Evaluation of threats

Last edit: 11/08/2023

Threats can be described as the possible actions that can be taken for example against a

system. Types of threats can be accidental or non-validated changes. Unfortunately, we have to realise that no protection against attacks, failures, mistakes, or natural disasters can ever be

completely absolute.


Threat agents can be defined as one of the following:

  1. A malicious person who is deliberately attacking systems for financial reward, power, revenge, or other gain:
  • Insider – An insider is a “trusted” person, employee, contractor, or supplier who has information that is not generally known to the public. An insider can present a threat even if there is no intent to do harm. For example, the threat can arise as a result of an insider bypassing security controls “to get the job done.”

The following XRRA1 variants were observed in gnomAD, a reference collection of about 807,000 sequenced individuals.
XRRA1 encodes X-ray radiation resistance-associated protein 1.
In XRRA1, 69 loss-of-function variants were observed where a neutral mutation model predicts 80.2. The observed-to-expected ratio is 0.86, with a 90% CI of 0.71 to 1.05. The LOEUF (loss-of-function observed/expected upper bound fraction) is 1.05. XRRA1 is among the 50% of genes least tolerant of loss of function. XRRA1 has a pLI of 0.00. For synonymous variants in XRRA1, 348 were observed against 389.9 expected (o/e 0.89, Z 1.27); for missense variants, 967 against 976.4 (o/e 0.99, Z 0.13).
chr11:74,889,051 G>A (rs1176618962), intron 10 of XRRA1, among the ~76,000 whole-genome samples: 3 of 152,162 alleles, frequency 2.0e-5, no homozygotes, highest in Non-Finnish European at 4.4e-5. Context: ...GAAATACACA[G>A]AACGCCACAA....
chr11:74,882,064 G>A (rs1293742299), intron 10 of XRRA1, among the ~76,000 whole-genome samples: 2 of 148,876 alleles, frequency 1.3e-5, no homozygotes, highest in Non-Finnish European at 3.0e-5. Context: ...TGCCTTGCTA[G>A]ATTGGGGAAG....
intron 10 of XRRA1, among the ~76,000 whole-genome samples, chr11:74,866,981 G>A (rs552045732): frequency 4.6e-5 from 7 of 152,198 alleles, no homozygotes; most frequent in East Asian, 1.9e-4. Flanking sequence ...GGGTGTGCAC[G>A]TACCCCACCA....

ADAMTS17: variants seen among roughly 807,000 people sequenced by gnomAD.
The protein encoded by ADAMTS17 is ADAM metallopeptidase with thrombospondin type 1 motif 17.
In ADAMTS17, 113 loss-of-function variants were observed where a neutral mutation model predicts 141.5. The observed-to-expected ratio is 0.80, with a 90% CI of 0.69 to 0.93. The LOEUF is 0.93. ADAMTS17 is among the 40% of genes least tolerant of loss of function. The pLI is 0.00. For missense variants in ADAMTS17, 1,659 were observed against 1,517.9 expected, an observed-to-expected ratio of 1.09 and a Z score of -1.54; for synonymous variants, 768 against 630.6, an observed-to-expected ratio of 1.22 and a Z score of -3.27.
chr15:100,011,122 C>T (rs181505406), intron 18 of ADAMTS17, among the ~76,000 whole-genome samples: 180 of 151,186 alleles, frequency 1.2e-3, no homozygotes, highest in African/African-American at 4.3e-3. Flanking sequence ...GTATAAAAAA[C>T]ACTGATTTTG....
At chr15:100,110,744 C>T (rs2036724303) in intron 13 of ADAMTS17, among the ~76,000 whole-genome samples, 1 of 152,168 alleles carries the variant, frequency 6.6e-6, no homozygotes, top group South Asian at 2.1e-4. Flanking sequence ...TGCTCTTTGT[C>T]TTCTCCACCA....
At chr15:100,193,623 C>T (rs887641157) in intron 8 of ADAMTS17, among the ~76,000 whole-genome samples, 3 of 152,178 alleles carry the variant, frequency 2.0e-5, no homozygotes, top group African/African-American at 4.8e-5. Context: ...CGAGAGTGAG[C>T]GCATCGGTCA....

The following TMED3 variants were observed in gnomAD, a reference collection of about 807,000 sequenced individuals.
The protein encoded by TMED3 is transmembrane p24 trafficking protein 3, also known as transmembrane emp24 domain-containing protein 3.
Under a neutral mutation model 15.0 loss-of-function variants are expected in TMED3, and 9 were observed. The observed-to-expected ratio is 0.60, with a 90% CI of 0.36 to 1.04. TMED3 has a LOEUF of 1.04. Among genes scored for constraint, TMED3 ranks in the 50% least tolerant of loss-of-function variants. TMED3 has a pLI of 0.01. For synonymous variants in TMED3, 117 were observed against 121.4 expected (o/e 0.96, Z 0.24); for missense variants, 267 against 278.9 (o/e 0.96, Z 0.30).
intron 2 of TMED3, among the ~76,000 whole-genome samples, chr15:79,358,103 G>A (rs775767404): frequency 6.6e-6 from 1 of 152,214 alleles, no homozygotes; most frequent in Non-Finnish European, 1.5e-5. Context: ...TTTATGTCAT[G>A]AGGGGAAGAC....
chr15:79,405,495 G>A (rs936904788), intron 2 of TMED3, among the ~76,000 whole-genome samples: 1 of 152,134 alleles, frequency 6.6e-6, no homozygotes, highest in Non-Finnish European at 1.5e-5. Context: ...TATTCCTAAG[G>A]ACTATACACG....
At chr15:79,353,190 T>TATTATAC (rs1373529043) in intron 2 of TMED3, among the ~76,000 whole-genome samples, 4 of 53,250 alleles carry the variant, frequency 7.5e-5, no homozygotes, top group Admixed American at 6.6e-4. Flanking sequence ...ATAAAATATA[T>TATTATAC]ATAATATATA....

• Outsider – An outsider is a person or group not “trusted” with inside access, which can be known, or not, to the targeted organization. Outsiders can have been insiders, or not, at one time.
  1. Inadvertent mistake (error) caused by a person who either failed to pay attention or did not recognize the consequences of their action. Computer applications can also have “bugs” or other flaws that cause them to mis-operate. Poorly designed systems and inadequate operating procedures also fall in this category.
  2. Equipment failure (failure) that was not any person’s fault, but reflects the fact that electronic and mechanical devices fail in preventing the threat from having success.



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